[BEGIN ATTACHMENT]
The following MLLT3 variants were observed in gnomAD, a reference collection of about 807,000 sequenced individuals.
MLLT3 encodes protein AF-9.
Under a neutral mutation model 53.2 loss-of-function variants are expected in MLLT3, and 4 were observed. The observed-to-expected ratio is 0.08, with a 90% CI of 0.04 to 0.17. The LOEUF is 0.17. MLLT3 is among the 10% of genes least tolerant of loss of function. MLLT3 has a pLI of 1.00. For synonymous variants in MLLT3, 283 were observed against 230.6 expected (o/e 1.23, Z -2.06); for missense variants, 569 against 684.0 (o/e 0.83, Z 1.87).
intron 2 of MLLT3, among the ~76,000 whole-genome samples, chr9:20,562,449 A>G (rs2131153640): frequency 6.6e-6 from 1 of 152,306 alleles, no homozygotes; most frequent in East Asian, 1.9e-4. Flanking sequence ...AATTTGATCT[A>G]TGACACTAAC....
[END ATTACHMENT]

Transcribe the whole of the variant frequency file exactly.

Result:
The following MLLT3 variants were observed in gnomAD, a reference collection of about 807,000 sequenced individuals.
MLLT3 encodes protein AF-9.
Under a neutral mutation model 53.2 loss-of-function variants are expected in MLLT3, and 4 were observed. The observed-to-expected ratio is 0.08, with a 90% CI of 0.04 to 0.17. The LOEUF is 0.17. MLLT3 is among the 10% of genes least tolerant of loss of function. MLLT3 has a pLI of 1.00. For synonymous variants in MLLT3, 283 were observed against 230.6 expected (o/e 1.23, Z -2.06); for missense variants, 569 against 684.0 (o/e 0.83, Z 1.87).
intron 2 of MLLT3, among the ~76,000 whole-genome samples, chr9:20,562,449 A>G (rs2131153640): frequency 6.6e-6 from 1 of 152,306 alleles, no homozygotes; most frequent in East Asian, 1.9e-4. Flanking sequence ...AATTTGATCT[A>G]TGACACTAAC....